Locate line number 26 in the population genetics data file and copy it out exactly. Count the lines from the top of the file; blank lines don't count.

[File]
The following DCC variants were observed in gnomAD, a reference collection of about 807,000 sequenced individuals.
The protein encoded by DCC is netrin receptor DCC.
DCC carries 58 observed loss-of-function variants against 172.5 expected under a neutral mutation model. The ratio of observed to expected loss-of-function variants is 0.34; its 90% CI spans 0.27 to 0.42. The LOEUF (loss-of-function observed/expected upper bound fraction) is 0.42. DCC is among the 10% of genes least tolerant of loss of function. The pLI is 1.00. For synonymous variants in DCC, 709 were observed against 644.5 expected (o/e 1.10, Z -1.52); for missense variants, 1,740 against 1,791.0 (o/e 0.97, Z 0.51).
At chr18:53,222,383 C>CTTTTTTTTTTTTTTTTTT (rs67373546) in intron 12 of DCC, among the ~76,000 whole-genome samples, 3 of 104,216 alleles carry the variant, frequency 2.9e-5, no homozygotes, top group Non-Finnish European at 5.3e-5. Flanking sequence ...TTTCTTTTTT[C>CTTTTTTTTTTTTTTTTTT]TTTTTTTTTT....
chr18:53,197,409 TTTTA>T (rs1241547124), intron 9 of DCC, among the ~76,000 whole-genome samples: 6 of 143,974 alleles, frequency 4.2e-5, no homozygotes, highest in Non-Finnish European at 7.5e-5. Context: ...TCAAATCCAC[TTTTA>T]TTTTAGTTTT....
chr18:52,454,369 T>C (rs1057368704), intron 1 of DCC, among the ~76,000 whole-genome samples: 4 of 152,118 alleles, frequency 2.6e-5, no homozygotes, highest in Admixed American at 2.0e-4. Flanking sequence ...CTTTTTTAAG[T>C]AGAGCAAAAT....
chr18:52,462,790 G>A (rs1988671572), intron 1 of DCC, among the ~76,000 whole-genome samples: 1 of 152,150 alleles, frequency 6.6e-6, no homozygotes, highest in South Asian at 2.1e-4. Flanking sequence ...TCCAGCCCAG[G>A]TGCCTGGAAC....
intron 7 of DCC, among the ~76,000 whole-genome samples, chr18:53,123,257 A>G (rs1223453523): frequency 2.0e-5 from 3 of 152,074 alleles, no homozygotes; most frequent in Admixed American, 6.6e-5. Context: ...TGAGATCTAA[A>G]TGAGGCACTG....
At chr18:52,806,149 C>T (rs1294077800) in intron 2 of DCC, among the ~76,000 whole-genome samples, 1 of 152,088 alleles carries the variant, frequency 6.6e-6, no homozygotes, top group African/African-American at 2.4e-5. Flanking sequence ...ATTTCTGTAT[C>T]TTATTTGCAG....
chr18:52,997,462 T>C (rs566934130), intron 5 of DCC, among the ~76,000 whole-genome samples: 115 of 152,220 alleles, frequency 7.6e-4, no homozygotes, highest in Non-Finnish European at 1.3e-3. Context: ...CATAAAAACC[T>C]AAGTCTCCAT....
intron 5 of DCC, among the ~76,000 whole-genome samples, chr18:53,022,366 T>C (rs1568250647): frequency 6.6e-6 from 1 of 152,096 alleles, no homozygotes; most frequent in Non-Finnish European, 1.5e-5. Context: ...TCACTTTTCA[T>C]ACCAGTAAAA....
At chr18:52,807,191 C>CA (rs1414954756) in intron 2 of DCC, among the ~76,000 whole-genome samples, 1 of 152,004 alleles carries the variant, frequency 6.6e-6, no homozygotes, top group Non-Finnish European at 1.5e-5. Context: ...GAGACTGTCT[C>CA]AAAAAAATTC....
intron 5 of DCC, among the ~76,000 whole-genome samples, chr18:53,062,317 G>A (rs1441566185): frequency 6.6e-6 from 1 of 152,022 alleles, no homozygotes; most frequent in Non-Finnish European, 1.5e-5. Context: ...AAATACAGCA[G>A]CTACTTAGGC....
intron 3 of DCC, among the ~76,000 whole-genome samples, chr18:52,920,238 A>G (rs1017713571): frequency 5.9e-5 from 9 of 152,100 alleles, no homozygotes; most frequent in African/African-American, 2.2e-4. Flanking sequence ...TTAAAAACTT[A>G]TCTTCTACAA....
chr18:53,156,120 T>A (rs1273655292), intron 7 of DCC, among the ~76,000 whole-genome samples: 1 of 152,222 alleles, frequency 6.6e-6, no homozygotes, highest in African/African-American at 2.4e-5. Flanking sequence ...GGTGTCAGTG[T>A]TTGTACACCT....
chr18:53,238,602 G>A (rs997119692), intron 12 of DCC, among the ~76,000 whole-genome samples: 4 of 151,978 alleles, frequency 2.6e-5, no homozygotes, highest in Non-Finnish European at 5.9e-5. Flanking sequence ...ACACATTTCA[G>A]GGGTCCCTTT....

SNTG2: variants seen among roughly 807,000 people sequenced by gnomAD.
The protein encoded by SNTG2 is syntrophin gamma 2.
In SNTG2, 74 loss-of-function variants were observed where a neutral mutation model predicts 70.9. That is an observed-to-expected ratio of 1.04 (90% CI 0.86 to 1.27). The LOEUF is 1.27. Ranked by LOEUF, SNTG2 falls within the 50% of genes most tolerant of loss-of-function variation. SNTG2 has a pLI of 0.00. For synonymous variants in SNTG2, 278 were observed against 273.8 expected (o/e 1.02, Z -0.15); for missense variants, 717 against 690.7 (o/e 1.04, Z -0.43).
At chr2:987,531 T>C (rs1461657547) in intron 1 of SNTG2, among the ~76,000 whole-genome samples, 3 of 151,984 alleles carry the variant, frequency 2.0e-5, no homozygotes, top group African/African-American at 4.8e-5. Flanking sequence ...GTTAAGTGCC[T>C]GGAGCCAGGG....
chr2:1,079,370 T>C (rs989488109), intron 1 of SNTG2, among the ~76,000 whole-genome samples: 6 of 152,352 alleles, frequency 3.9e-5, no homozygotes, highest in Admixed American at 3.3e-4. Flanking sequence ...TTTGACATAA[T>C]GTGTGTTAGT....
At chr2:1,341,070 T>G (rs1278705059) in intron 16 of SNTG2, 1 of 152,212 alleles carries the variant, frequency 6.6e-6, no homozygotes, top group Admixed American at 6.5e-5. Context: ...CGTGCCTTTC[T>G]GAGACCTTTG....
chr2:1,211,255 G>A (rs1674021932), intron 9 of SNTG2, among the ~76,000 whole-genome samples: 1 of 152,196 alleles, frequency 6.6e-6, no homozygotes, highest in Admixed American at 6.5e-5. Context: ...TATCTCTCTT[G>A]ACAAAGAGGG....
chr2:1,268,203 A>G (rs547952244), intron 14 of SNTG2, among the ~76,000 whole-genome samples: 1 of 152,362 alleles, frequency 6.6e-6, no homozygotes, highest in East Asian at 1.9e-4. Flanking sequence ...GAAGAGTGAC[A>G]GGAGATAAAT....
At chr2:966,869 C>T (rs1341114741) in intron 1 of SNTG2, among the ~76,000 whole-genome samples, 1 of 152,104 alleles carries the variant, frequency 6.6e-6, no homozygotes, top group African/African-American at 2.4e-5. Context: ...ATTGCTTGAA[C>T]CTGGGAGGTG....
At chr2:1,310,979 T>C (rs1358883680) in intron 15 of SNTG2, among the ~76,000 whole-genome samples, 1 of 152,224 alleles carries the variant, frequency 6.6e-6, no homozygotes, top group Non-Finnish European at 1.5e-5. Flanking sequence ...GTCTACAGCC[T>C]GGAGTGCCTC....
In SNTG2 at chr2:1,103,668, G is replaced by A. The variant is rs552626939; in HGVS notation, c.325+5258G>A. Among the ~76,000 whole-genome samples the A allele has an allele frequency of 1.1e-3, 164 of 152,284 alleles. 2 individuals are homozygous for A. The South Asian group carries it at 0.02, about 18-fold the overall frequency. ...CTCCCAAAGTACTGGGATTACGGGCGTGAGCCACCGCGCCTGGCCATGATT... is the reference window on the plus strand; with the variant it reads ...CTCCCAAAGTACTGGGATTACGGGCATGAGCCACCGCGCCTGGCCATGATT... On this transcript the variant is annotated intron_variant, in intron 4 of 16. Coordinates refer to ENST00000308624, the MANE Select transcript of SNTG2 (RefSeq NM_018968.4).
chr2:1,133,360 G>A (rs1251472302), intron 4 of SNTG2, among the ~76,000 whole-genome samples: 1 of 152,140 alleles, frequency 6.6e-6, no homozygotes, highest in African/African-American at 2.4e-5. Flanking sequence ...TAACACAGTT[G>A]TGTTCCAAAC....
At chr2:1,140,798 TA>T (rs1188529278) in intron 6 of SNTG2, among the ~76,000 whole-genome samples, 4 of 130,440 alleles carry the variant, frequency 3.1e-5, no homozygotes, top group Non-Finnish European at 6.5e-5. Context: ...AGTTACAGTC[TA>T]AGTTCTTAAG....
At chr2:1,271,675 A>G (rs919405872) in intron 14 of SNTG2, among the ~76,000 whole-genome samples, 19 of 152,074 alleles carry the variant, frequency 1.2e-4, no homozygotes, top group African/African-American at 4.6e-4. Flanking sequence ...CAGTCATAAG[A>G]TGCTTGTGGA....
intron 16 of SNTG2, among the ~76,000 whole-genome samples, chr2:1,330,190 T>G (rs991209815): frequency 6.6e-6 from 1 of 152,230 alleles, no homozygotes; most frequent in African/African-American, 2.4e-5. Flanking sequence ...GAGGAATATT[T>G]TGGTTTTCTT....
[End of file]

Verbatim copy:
At chr2:1,310,979 T>C (rs1358883680) in intron 15 of SNTG2, among the ~76,000 whole-genome samples, 1 of 152,224 alleles carries the variant, frequency 6.6e-6, no homozygotes, top group Non-Finnish European at 1.5e-5. Flanking sequence ...GTCTACAGCC[T>C]GGAGTGCCTC....